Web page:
Antigen-driven CD4+ T cell and HIV-1 dynamics: residual viral replication under highly active antiretroviral therapy.
Ferguson NM., deWolf F., Ghani AC., Fraser C., Donnelly CA., Reiss P., Lange JM., Danner SA., Garnett GP., Goudsmit J., Anderson RM.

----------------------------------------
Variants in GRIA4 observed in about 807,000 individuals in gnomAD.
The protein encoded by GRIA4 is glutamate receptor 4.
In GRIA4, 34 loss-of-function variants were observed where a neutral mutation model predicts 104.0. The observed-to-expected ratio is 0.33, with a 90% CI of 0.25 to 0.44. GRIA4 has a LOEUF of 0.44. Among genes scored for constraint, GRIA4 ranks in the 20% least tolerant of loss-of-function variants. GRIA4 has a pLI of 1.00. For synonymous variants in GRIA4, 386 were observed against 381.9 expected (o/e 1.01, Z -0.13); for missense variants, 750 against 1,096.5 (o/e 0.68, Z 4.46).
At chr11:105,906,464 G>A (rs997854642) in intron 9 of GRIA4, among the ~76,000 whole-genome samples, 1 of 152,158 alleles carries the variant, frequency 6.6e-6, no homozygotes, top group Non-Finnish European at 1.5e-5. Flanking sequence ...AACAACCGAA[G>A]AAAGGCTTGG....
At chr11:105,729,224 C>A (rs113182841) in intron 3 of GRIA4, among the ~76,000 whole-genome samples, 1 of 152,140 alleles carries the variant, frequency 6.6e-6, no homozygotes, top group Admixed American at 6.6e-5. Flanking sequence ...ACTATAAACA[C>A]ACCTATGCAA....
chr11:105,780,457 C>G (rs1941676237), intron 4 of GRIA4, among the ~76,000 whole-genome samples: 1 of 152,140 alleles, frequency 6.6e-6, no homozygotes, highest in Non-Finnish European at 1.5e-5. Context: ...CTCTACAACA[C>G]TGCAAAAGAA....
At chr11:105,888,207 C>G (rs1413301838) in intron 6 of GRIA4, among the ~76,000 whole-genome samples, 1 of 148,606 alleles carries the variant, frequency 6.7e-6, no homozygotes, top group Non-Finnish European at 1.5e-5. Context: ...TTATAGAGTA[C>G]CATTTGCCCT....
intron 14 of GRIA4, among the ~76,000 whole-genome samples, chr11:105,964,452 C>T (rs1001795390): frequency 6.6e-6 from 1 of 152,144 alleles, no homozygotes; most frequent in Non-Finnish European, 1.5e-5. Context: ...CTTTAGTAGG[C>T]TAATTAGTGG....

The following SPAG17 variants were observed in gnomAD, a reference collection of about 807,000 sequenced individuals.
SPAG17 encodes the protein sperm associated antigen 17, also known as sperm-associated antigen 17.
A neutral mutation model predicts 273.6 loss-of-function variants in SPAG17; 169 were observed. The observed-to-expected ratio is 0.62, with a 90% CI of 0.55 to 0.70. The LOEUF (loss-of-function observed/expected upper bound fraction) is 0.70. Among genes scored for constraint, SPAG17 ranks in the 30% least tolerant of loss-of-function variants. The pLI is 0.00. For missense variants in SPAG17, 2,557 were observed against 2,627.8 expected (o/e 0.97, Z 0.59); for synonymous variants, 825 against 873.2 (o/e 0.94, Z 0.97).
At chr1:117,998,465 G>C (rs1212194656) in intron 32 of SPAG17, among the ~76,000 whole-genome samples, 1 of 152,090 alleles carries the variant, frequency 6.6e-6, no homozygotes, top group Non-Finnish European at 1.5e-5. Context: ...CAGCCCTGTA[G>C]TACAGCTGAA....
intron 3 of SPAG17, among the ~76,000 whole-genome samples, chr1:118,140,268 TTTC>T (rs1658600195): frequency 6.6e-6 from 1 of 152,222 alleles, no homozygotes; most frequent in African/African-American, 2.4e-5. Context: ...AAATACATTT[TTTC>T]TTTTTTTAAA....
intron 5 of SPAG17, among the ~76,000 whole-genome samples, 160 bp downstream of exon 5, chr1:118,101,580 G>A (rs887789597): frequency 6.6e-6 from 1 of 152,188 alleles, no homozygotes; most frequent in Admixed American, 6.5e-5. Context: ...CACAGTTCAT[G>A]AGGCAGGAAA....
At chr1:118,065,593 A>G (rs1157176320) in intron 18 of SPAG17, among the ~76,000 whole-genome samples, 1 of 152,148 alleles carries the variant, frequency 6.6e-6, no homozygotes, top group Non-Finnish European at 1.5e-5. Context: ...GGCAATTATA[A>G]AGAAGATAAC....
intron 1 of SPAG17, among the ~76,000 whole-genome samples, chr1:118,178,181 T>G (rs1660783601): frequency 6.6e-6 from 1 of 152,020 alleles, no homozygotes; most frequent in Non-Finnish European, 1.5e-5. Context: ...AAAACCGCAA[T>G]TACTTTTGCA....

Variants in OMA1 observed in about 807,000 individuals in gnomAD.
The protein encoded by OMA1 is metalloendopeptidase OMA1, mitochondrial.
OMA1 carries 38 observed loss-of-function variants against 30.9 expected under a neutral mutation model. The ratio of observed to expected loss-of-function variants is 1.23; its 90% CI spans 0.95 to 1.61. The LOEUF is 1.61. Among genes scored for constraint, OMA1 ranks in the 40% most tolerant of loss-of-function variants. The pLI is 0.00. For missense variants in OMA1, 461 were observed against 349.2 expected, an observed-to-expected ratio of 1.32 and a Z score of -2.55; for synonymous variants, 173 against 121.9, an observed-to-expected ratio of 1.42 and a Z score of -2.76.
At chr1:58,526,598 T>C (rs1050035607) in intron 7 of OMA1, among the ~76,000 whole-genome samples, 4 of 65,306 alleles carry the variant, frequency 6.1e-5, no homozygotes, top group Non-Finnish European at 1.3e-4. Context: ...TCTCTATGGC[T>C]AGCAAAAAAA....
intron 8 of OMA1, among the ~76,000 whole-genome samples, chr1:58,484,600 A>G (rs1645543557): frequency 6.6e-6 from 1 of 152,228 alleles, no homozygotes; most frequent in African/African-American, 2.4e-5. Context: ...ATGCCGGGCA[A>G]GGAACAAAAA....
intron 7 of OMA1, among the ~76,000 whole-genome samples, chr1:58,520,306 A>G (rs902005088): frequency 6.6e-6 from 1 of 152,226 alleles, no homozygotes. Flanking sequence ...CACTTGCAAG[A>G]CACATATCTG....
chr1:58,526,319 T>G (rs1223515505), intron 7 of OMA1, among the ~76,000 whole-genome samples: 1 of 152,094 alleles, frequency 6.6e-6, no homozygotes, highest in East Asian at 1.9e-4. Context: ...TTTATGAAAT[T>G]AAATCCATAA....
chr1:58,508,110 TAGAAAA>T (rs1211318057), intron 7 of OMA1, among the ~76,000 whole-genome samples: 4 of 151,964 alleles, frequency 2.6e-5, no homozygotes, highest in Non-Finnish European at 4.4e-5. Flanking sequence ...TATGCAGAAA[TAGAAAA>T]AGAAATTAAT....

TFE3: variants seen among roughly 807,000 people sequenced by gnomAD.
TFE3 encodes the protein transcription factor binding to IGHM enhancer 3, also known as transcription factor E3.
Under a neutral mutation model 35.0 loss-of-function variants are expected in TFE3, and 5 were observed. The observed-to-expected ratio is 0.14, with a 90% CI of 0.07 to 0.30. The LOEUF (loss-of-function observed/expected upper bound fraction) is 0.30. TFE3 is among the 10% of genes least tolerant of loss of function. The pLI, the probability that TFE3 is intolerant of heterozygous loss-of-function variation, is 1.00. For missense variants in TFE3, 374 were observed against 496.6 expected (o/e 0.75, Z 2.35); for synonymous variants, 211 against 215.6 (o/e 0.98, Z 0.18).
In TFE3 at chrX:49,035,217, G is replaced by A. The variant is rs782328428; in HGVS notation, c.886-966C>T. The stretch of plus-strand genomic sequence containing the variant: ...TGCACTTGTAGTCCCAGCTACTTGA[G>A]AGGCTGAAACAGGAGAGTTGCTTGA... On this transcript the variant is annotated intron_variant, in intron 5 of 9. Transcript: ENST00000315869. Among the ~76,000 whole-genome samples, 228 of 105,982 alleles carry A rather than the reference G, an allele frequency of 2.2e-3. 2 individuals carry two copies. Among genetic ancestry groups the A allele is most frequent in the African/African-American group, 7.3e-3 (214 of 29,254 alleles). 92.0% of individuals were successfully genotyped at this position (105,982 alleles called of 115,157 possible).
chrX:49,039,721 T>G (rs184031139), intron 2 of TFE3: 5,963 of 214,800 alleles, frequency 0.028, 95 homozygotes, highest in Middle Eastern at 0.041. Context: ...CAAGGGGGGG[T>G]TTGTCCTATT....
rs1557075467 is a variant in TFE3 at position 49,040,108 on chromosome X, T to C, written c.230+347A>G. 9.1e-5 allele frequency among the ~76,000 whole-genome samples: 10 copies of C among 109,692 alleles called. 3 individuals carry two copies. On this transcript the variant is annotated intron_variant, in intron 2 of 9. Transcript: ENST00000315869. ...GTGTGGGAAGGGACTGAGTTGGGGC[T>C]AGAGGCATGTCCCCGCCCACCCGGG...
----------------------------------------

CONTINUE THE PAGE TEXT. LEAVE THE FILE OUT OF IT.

Antigen-induced stimulation of the immune system can generate heterogeneity in CD4+ T cell division rates capable of explaining the temporal patterns seen in the decay of HIV-1 plasma RNA levels during highly active antiretroviral therapy. Posttreatment increases in peripheral CD4+ T cell counts are consistent with a mathematical model in which host cell redistribution between lymph nodes and peripheral blood is a function of viral burden. Model fits to patient data suggest that, although therapy reduces HIV replication below replacement levels, substantial residual replication continues. This residual replication has important consequences for long-term therapy and the evolution of drug resistance and represents a challenge for future treatment strategies.